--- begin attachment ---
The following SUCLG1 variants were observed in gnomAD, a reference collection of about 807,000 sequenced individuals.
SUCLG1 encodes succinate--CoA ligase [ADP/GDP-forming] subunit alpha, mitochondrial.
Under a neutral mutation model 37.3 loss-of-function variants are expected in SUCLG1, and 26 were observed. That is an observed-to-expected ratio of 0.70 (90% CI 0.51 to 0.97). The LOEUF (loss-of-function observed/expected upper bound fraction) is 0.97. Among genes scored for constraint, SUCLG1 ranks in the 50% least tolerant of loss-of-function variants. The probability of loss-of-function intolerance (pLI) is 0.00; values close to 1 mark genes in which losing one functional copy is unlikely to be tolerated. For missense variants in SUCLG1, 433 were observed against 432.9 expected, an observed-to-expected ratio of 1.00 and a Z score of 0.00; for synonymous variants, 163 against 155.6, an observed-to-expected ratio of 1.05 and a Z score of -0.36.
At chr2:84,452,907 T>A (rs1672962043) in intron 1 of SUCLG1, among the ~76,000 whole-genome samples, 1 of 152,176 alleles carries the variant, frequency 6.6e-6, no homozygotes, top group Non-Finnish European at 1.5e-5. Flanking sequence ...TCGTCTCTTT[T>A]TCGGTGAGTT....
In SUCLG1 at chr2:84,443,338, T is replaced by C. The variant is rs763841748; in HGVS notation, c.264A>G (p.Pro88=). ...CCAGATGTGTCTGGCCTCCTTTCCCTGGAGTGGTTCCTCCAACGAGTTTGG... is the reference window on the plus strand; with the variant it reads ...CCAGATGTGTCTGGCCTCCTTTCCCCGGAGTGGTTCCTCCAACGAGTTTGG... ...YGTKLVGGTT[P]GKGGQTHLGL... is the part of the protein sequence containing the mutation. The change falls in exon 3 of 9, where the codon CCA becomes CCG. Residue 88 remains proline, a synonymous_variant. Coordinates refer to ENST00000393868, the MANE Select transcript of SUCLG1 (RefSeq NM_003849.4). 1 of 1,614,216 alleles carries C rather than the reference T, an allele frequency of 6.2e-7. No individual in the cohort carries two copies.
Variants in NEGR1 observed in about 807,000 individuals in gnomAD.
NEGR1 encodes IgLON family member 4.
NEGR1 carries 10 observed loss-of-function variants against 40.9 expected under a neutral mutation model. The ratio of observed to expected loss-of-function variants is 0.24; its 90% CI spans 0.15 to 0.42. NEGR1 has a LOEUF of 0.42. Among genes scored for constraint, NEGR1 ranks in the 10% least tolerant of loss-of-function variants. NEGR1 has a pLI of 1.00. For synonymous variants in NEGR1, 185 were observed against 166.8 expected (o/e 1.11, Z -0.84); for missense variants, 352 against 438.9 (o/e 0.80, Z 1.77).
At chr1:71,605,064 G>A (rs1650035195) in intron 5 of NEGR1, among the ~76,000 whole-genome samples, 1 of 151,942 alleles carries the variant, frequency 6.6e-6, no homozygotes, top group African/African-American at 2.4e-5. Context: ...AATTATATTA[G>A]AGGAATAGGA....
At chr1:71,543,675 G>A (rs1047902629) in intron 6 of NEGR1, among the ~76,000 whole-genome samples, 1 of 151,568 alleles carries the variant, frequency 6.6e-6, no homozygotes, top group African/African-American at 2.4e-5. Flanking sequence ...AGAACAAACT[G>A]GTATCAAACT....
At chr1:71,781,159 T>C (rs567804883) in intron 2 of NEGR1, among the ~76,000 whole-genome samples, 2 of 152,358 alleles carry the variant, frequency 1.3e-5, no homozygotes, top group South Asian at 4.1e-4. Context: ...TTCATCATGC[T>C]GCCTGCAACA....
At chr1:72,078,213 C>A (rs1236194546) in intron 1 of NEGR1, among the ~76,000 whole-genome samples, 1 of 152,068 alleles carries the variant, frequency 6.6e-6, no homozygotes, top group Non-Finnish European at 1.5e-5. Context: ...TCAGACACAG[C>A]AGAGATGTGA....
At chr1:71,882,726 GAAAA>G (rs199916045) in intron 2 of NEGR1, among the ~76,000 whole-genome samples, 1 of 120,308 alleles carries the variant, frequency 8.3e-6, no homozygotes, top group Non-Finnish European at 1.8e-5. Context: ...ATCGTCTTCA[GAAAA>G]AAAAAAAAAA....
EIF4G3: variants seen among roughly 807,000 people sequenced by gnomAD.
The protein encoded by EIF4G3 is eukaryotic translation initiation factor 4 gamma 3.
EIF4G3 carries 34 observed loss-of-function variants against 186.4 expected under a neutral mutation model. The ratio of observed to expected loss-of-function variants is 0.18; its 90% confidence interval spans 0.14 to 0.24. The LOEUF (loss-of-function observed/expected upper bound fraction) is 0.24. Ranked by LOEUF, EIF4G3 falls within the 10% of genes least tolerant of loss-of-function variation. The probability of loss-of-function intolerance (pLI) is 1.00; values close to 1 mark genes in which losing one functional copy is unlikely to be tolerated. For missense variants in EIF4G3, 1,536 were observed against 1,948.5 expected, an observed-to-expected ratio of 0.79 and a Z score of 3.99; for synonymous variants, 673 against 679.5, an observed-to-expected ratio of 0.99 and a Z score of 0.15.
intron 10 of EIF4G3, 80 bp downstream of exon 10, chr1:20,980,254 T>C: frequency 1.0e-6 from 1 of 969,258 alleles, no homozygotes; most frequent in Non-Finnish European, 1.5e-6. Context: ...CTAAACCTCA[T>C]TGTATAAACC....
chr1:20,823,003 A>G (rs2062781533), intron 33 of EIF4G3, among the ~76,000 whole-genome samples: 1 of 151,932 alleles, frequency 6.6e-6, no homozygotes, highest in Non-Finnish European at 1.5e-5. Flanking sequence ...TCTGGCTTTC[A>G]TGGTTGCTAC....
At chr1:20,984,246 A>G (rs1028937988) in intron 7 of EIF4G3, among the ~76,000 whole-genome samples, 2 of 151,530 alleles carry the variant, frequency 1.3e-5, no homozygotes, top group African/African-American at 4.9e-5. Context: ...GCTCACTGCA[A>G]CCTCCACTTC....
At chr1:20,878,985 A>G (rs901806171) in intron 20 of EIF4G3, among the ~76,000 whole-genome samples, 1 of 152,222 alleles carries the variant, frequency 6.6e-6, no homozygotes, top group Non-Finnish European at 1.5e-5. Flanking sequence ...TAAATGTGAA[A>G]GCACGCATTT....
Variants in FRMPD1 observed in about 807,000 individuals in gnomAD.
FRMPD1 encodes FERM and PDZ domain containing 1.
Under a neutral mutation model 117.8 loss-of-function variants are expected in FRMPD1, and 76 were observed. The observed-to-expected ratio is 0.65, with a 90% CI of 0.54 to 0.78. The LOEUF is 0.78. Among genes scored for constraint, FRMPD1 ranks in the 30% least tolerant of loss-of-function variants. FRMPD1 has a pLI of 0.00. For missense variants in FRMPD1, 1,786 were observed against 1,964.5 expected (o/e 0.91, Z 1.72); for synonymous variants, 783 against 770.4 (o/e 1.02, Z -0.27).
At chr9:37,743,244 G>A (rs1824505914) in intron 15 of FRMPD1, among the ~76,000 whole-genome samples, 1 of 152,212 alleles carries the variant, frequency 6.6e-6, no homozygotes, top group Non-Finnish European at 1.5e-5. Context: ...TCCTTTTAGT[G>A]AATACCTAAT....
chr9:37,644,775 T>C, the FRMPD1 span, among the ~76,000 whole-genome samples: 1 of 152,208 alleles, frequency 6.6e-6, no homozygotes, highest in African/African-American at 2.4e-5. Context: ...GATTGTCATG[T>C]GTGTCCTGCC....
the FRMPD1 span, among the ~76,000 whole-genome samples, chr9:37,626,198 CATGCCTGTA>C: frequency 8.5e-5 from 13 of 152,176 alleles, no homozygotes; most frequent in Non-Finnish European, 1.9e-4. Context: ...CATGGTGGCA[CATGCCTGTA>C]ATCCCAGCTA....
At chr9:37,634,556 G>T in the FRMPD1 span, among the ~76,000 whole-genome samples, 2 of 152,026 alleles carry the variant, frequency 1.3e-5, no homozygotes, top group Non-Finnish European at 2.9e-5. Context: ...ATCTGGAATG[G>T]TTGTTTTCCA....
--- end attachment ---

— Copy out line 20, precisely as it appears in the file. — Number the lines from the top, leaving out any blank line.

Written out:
At chr1:20,878,985 A>G (rs901806171) in intron 20 of EIF4G3, among the ~76,000 whole-genome samples, 1 of 152,222 alleles carries the variant, frequency 6.6e-6, no homozygotes, top group Non-Finnish European at 1.5e-5. Flanking sequence ...TAAATGTGAA[A>G]GCACGCATTT....